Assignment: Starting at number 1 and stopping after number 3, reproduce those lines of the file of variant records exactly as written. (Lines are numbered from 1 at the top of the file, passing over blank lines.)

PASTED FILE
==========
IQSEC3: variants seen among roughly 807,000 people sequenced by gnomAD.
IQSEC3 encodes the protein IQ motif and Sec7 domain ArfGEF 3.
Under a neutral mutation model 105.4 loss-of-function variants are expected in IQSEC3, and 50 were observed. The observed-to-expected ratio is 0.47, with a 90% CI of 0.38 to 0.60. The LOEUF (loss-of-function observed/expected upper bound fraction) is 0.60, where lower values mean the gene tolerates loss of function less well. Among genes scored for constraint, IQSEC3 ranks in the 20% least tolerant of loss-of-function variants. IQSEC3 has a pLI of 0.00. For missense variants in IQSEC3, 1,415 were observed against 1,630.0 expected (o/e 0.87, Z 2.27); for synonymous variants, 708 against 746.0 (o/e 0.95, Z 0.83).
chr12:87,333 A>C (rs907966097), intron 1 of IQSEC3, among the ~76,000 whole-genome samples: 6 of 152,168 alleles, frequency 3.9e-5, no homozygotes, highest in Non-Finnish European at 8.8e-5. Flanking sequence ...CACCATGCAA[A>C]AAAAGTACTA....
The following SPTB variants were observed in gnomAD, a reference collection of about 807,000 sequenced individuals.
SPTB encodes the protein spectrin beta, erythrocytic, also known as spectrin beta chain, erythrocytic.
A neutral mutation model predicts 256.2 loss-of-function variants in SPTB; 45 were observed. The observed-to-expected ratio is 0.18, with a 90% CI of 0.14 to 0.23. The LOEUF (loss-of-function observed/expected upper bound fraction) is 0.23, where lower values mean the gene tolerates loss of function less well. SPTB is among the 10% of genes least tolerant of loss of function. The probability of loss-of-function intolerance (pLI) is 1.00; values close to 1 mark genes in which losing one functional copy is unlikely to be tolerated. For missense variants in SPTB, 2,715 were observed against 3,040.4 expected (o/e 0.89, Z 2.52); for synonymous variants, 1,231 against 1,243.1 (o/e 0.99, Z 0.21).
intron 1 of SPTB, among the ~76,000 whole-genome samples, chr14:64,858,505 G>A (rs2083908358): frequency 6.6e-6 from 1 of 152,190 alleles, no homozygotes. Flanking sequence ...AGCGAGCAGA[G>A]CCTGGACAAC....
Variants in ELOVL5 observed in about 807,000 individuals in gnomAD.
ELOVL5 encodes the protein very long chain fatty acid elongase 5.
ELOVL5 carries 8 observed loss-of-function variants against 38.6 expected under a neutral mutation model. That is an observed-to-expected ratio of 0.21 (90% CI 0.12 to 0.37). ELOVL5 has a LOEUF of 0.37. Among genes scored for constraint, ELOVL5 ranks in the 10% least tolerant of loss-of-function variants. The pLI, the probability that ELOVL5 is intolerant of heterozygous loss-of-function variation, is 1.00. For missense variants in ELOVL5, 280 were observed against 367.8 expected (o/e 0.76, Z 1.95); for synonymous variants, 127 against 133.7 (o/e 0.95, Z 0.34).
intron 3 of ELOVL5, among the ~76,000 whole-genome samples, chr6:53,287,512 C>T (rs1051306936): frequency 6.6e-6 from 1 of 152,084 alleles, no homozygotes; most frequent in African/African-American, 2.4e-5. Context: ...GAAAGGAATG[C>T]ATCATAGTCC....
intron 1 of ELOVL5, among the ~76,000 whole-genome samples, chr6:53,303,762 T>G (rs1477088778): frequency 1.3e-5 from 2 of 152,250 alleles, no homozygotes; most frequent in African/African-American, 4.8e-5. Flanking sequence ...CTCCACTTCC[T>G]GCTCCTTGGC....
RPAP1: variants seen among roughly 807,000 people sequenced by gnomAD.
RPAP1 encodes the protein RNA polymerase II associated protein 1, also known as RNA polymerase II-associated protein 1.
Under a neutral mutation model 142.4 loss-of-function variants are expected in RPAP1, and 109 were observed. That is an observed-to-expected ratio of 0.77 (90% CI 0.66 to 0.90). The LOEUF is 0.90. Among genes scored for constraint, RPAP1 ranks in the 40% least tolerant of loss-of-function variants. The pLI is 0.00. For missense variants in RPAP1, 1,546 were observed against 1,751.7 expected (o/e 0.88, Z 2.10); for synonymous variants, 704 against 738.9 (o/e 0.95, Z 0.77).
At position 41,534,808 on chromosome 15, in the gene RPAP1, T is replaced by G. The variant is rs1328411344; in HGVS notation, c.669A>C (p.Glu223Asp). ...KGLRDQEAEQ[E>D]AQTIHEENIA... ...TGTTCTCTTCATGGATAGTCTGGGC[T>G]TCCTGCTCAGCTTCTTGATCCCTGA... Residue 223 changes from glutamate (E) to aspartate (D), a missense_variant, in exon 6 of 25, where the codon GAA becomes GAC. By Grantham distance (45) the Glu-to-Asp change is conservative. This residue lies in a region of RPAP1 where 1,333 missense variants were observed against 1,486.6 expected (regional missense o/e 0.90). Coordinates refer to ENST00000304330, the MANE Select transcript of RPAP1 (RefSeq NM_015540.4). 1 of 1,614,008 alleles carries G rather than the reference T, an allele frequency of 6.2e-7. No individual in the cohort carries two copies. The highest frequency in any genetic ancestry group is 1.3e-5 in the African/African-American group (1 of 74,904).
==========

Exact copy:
IQSEC3: variants seen among roughly 807,000 people sequenced by gnomAD.
IQSEC3 encodes the protein IQ motif and Sec7 domain ArfGEF 3.
Under a neutral mutation model 105.4 loss-of-function variants are expected in IQSEC3, and 50 were observed. The observed-to-expected ratio is 0.47, with a 90% CI of 0.38 to 0.60. The LOEUF (loss-of-function observed/expected upper bound fraction) is 0.60, where lower values mean the gene tolerates loss of function less well. Among genes scored for constraint, IQSEC3 ranks in the 20% least tolerant of loss-of-function variants. IQSEC3 has a pLI of 0.00. For missense variants in IQSEC3, 1,415 were observed against 1,630.0 expected (o/e 0.87, Z 2.27); for synonymous variants, 708 against 746.0 (o/e 0.95, Z 0.83).